Brain Imaging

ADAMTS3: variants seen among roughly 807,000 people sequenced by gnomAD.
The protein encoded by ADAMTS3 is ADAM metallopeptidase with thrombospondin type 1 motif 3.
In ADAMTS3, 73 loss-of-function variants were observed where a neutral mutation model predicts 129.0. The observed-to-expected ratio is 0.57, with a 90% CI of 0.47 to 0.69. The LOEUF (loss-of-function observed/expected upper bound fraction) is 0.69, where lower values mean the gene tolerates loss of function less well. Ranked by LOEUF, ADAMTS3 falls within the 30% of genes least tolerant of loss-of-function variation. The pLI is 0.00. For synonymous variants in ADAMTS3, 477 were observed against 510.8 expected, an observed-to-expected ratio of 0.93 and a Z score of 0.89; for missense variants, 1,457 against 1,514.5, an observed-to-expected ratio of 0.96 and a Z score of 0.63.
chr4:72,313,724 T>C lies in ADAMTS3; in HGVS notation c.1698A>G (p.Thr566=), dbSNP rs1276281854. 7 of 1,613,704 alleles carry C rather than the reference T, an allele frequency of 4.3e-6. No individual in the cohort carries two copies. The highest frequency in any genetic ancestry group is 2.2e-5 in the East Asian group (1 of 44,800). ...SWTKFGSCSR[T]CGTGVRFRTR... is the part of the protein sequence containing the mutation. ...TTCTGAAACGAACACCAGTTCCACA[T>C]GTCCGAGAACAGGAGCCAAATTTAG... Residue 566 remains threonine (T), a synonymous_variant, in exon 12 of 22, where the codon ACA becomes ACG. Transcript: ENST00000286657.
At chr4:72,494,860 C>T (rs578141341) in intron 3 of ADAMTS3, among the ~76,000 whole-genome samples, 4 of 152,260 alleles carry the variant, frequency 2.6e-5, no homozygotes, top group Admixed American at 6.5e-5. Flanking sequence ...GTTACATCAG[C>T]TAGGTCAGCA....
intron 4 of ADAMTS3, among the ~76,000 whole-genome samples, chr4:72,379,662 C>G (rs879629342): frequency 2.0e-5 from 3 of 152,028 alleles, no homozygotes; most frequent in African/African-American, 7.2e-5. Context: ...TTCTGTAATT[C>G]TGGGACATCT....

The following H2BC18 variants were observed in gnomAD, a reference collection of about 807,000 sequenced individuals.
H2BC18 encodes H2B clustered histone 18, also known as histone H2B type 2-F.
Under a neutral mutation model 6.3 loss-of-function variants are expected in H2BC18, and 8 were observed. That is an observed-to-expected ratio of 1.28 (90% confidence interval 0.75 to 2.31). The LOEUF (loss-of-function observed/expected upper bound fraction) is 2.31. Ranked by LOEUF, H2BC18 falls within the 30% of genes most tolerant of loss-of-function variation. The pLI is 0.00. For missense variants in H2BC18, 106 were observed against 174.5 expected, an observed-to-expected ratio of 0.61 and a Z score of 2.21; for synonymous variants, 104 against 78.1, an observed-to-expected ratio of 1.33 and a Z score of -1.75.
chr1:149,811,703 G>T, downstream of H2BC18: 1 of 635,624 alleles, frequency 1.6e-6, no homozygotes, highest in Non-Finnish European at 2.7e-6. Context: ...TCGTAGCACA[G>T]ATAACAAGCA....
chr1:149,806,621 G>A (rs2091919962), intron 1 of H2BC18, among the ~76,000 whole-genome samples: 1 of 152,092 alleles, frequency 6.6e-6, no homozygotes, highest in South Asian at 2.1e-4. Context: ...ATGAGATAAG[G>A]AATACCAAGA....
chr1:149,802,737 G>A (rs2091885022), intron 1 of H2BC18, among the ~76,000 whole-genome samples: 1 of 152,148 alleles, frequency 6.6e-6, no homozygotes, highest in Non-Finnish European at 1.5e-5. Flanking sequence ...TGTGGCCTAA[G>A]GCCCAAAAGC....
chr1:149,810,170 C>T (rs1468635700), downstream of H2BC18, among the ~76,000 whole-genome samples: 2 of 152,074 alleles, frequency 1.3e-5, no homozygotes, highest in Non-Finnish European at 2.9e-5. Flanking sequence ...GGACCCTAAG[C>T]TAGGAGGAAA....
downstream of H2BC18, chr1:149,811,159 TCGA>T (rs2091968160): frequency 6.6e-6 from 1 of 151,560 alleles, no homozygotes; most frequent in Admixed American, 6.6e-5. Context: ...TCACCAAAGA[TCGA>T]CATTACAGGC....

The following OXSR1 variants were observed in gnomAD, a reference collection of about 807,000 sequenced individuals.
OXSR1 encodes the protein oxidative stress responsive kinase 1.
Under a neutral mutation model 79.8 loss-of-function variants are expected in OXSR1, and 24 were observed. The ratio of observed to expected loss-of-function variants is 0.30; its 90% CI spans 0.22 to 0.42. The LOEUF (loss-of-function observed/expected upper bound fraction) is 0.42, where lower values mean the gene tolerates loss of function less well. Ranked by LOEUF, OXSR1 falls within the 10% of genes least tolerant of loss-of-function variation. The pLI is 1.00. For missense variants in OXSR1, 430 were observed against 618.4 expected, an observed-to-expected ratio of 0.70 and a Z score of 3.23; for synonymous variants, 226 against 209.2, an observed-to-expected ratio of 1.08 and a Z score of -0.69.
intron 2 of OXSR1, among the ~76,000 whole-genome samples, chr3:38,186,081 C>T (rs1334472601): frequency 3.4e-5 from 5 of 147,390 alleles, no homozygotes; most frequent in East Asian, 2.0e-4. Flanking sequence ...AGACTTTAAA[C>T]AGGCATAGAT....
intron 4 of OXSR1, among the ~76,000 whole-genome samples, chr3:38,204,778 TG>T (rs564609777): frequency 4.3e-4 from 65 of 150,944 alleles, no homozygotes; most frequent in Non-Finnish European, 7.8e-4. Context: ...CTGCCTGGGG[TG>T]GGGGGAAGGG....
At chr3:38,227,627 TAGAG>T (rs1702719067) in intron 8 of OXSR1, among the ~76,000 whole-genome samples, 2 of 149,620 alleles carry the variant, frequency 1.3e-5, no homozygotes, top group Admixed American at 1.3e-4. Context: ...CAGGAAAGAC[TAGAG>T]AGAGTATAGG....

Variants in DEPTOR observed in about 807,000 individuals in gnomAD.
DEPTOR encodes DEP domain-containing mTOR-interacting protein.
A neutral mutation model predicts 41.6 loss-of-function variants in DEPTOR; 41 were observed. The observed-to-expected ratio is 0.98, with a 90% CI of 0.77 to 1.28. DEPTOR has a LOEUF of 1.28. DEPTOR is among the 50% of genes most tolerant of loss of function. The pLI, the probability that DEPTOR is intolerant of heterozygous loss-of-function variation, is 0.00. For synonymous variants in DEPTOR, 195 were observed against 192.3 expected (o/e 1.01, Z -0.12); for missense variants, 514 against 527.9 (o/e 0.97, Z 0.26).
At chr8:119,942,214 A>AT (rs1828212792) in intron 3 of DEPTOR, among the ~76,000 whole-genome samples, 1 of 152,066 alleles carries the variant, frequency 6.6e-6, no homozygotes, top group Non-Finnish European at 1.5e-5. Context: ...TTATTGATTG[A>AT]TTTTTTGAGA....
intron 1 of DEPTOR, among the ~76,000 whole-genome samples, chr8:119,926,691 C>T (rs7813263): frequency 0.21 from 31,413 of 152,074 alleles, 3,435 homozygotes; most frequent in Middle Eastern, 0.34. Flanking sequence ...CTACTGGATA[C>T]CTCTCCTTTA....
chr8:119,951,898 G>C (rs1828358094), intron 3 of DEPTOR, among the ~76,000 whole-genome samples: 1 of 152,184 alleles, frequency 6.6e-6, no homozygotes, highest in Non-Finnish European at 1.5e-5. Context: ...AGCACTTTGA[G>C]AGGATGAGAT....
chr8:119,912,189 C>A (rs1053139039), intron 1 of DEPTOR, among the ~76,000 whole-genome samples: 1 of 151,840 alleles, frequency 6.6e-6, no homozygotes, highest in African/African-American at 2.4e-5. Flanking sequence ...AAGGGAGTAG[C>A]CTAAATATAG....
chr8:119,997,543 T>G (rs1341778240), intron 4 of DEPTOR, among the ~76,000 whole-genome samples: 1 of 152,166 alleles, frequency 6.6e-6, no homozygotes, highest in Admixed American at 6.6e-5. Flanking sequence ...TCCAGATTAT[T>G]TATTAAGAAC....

While philosophers have, for centuries, pondered upon the relation between mind and brain, neuroscientists have only recently been able to explore the connection analytically — to peer inside the black box. This ability stems from recent advances in technology and emerging neuroimaging modalities. It is now possible not only to produce remarkably detailed images of the brain’s structure (i.e. anatomical imaging) but also to capture images of the physiology associated with mental processes (i.e. functional imaging). We are able to see how specific regions of the brain ‘light up’ when activities such as reading this book are performed, and how our neurons and their elaborate cast of supporting cells organize and coordinate their tasks. As demonstrated in the other chapters of this book, the mapping of the human mind (mostly by measuring regional changes in blood flow, initially by positron emission tomography (PET) and recently by functional magnetic resonance imaging or (fMRI)) has provided insight into the functional neuroanatomy of neuropsychiatric diseases. Amazingly, the idea that regional cerebral blood flow (rCBF) is related intimately to brain function goes back more than a century. As is often the case in science, this idea was initially the result of unexpected observations. The Italian physiologist Angelo Mosso first expressed the idea while studying pulsations of the living human brain that keep pace with the heartbeat (Mosso, 1881). These brain pulsations can be observed on the surface of the fontanelles in newborn children. Mosso believed that they reflected blood flow to the brain. He observed similar pulsations in an adult with a post-traumatic skull defect over the frontal lobes. While studying this subject, a peasant named Bertino, Mosso observed a sudden increase in the magnitude of the ‘brain’s heart-beats’ when the church bells signalled 12 o’clock, the time for a required prayer. The changes in brain pulsations occurred independently of any change in pulsations in the forearm..
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